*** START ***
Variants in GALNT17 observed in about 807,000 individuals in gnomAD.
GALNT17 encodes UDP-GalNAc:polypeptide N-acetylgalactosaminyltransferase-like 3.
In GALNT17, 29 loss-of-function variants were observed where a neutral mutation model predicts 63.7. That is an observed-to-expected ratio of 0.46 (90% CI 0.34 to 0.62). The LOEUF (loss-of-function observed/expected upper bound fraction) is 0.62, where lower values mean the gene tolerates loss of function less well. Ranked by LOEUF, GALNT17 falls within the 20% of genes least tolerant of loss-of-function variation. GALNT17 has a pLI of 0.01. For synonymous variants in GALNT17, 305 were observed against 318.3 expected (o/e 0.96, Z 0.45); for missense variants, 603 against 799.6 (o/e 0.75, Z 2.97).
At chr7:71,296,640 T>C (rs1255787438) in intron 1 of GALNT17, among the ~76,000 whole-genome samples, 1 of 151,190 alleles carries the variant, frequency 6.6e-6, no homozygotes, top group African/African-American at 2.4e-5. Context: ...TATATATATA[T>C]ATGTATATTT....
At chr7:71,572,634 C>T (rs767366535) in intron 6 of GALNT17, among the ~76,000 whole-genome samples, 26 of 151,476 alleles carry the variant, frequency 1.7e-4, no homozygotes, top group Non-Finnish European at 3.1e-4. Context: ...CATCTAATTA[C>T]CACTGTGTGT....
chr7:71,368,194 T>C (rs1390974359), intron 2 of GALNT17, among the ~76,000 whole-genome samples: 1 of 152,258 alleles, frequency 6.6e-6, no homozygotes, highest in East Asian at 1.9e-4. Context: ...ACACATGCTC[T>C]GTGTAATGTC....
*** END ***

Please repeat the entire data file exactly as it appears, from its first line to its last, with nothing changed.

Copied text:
Variants in GALNT17 observed in about 807,000 individuals in gnomAD.
GALNT17 encodes UDP-GalNAc:polypeptide N-acetylgalactosaminyltransferase-like 3.
In GALNT17, 29 loss-of-function variants were observed where a neutral mutation model predicts 63.7. That is an observed-to-expected ratio of 0.46 (90% CI 0.34 to 0.62). The LOEUF (loss-of-function observed/expected upper bound fraction) is 0.62, where lower values mean the gene tolerates loss of function less well. Ranked by LOEUF, GALNT17 falls within the 20% of genes least tolerant of loss-of-function variation. GALNT17 has a pLI of 0.01. For synonymous variants in GALNT17, 305 were observed against 318.3 expected (o/e 0.96, Z 0.45); for missense variants, 603 against 799.6 (o/e 0.75, Z 2.97).
At chr7:71,296,640 T>C (rs1255787438) in intron 1 of GALNT17, among the ~76,000 whole-genome samples, 1 of 151,190 alleles carries the variant, frequency 6.6e-6, no homozygotes, top group African/African-American at 2.4e-5. Context: ...TATATATATA[T>C]ATGTATATTT....
At chr7:71,572,634 C>T (rs767366535) in intron 6 of GALNT17, among the ~76,000 whole-genome samples, 26 of 151,476 alleles carry the variant, frequency 1.7e-4, no homozygotes, top group Non-Finnish European at 3.1e-4. Context: ...CATCTAATTA[C>T]CACTGTGTGT....
chr7:71,368,194 T>C (rs1390974359), intron 2 of GALNT17, among the ~76,000 whole-genome samples: 1 of 152,258 alleles, frequency 6.6e-6, no homozygotes, highest in East Asian at 1.9e-4. Context: ...ACACATGCTC[T>C]GTGTAATGTC....